|PRINT ISSN : 2319-7692
Online ISSN : 2319-7706
Issues : 12 per year
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Index Copernicus ICV 2015: 85.95
NAAS RATING 2017: 5.38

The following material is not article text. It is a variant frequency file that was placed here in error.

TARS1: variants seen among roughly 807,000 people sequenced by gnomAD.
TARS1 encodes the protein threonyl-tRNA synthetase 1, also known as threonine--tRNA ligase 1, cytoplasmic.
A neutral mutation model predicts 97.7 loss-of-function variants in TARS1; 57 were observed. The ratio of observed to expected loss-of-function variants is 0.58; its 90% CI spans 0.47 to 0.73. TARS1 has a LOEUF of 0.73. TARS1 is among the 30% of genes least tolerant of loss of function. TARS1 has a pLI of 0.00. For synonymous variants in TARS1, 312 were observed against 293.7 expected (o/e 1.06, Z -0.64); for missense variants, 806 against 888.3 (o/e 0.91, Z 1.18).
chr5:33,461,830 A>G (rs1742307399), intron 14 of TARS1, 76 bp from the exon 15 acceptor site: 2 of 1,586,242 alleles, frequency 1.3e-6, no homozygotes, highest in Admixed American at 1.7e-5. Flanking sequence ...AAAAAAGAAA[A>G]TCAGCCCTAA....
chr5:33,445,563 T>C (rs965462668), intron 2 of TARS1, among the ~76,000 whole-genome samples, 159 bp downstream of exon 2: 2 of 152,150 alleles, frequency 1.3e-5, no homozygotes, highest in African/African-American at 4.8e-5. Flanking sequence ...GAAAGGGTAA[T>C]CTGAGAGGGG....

Weeds are ubiquitous in nature and invade both crop and non-crop lands. When present in crop fields, weeds compete with the crops for nutrients, soil moisture, solar radiation and space; hence reduce their productivity and quality. But, they have been the most underrated crop pests despite the fact that these are weeds which cause heavy loss in crop yield rather than other pests. It has been reported that, out of total loss of agriculture production from several pests in India, weed account for about 37%, insect for 29%, diseases for 22% and other pests for 12%. Under changing climate scenario, the levels of weed menace and consequent crop-weed competition are expected to change. Weeds have been conquers and will remain dominant in climate change conditions also since, they have vast adaptive capacity and greater diversity. Climate change may aggravate the weed density, their phenology and invasiveness. Elevated CO2, rising temperature, changing in rainfall pattern are the distinct consequences of climate change, which leads to deleterious changes in the crop-weed competition, photosynthetic pathway and ultimately growth, density and expansion of weeds. Under climate change scenario, plants with C4 photosynthetic pathways are expected to benefit more than C3 from rising temperature but inverse is true with CO2 enrichment. This differential response of C3 and C4 plants to elevated CO2 and temperature can have important implications on crop-weed competition as most of the weeds are C4 and most of the crops are C3 plants.